• They are technically right. That’s why we NEED these kinds of laws.

  • neusuys

    turn about is fair play! then, people should stand up and call people out for their adultery, whoring, immodesty, slut calling, and oh, having bastard children out of wedlock. call them whores! have protest march, just like the blacks — ‘All Gays Matter.’ we should be writing comments, there should be another movement forthwith!

  • Jim

    I keep telling people that in 2009 and 2010 when Democrats held huge majorities in Congress, we could have got the federal ENDA bill enacted. But it didn’t happen because the “fierce advocate” of gay rights sitting on his ass in the White House couldn’t be bothered to do something for gay people other than emit empty happy talk about gay rights. If Mr. Obama had acted on his pretended convictions, James Pittman would have been protected by law. He wasn’t and isn’t because Barack Obama really didn’t give a damn about gay people or their rights or their lives or their jobs or their families. That’s the historical record.

    • sherman

      Free Republic is that way ————->

      • Jim

        Just for the record: you care what a politician says in a campaign but you don’t care what he actually does or does not do in office. Right?

        • sherman

          Just for the record, I don’t dialogue with people who can’t tell fact from fiction.

          • Jim

            So it’s fiction that Obama and the Congressional Democrats failed to enact ENDA in 2009 and 2010 when they had the votes to do so? Really? So does that mean ENDA is actually federal law but nobody realizes (you, of course, excepted)? Please tell me how that happened.

    • NancyP

      I would like to point out that the price of getting ENDA at that time would have been to throw transgender people under the bus, probably permanently. I know that this wouldn’t bother a sizable proportion of gays, but there are those of us who object to “leave the T behind” strategy.

      • Jim

        So is your view that if we can get half a loaf of bread now and get the other half later, then we should refuse any bread at all and starve to death? Think what you’re saying: instead of protecting most people under ENDA, no ENDA means that nobody gets protected so James Pittman loses his job with no legal recourse. Is that smart politics?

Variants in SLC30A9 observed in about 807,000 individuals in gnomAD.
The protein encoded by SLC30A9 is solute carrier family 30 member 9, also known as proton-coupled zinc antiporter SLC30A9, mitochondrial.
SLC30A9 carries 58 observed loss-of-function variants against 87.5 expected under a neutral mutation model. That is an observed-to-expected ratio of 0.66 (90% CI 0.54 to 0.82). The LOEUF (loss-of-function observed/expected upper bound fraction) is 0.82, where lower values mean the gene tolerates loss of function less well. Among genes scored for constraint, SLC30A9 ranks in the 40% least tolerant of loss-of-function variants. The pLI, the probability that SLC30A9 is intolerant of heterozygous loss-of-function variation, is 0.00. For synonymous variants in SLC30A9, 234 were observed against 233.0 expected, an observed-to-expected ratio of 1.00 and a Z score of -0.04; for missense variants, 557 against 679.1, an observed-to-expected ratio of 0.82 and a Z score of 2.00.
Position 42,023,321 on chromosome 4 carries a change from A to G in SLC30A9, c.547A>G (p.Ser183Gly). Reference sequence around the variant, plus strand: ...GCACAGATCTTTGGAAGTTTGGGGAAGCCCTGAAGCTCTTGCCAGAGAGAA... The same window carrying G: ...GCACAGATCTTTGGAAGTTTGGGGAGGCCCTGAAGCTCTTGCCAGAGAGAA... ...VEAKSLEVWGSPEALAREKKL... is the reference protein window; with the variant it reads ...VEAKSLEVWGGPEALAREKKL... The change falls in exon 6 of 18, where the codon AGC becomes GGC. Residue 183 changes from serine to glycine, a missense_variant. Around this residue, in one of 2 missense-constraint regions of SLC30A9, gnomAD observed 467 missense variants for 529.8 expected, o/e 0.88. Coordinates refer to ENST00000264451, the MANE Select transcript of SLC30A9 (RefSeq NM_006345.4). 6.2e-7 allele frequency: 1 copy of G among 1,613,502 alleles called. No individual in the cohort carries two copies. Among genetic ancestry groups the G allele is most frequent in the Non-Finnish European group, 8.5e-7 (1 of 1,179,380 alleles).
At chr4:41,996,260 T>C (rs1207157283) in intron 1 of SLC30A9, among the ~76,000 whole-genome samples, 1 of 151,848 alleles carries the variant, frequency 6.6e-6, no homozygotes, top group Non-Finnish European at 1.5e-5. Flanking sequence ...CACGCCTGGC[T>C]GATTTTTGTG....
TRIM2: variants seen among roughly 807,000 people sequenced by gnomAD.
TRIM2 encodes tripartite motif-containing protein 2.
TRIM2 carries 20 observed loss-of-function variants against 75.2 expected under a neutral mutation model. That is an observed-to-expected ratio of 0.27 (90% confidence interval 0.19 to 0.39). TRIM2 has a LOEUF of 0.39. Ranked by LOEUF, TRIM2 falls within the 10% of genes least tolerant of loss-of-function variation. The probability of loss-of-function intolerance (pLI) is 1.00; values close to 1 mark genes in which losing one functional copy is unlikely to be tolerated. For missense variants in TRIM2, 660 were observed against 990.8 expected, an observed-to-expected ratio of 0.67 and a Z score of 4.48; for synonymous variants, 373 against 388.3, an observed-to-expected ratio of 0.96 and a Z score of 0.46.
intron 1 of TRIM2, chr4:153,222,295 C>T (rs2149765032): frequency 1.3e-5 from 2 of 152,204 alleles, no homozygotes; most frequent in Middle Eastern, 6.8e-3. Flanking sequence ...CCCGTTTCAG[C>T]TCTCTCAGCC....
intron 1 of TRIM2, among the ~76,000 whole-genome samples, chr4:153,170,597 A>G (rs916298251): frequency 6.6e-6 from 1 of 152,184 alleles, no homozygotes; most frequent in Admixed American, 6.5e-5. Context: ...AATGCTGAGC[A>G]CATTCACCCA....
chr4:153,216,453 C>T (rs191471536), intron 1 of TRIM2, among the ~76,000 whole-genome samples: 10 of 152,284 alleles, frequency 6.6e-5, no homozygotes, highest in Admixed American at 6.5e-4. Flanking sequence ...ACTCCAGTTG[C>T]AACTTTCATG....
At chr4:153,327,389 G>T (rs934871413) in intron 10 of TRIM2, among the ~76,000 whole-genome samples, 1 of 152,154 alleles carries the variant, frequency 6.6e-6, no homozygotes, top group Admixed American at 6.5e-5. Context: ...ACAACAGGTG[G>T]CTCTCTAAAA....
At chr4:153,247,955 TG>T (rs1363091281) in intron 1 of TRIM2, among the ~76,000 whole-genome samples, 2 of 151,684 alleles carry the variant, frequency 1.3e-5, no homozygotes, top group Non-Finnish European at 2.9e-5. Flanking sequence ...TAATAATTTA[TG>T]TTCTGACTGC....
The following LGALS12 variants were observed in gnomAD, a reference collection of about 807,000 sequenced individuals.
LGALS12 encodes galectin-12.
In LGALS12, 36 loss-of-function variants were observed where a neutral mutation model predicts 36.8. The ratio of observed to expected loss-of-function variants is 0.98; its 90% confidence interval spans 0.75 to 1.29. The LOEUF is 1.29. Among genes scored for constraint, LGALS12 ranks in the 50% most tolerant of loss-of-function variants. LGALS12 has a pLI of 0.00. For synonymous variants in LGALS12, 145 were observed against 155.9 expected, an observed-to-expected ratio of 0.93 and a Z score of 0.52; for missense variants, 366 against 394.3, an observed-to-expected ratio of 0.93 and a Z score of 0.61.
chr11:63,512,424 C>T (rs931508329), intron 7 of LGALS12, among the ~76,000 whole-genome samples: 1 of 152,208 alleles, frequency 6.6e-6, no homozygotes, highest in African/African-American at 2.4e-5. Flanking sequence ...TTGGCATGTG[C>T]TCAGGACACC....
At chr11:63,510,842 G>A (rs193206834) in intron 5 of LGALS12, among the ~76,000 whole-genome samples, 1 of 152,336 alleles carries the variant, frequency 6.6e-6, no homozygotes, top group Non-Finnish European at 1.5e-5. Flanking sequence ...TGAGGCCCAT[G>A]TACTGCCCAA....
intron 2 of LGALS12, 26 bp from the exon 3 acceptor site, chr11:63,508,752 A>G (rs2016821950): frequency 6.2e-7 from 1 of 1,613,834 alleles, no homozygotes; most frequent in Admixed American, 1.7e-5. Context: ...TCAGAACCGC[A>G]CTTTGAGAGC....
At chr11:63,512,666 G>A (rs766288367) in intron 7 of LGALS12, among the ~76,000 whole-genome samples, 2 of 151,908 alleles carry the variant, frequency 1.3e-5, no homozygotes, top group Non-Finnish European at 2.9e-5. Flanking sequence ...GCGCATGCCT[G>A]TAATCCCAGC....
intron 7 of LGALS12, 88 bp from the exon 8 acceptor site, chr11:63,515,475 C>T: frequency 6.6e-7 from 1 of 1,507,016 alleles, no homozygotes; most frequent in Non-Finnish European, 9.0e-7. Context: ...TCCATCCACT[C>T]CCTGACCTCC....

• PLAINTOM

    Damn Christeaters

  • Raising_Rlyeh

    Cook Paper Recycling Corporation
    6901 Shawnee Mission Parkway, Suite 116
    Overland Park, KS 66202-4004
    (913) 956-5060
    FAX (913) 948-9985

  • sherman

    I think the liberal employees of the business should start mocking it. If they walk in the breakroom and Faux News is on the TV loudly ask “Whatcha watchin’, cocksuckers?” Maybe declare that the last day of every week is “Cocksucker Friday”.

  • rabbit_ears

    Missouri, the Russia of the US.

  • guest

    oh, man. “Cocksucker” is one of my favorite swear words. I only swear at inanimate objects, squirrels and rabbits, though, not humans. I see the squirrel has dug up and eaten yet ANOTHER tulip bulb and I shout, “You cocksucker!” 😵

  • TuuxKabin

    here’s monsignor charles’ email address, where jurden volunteers. [email protected]

    i emailed, politely, asking the good monsignor to counsel his volunteer parishioner re: christian/catholic tenets.

    maybe a shit storm of emails may at least make them aware we’re watching them.

  • Excuse me, idiots in black robes, since when is blatant harassment, no matter the sexuality of victim, excused by the law?

  • Amanda Wagner

    .like Margaret answered I didn’t realize that somebody can make $25678 in 4 weeks on the web….A few days ago new McLaren F1 subsequent after earning 18,512$,,,this was my previous month’s paycheck ,and-a little over, $17k Last month ..3-5 h/r of work a day ..with extra open doors & weekly paychecks.. it’s realy the easiest work I have ever Do.. I Joined This 7 months ago and now making over $83, p/h..Learn More right Here….
    os……..
    ➤➤
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    • agcons

      Get lost. Flagged.

  • BobSF_94117

    So, if the attorney decided to test their sincerity and called the judges “a bunch of cocksuckers”, I’m sure they wouldn’t have held him in contempt…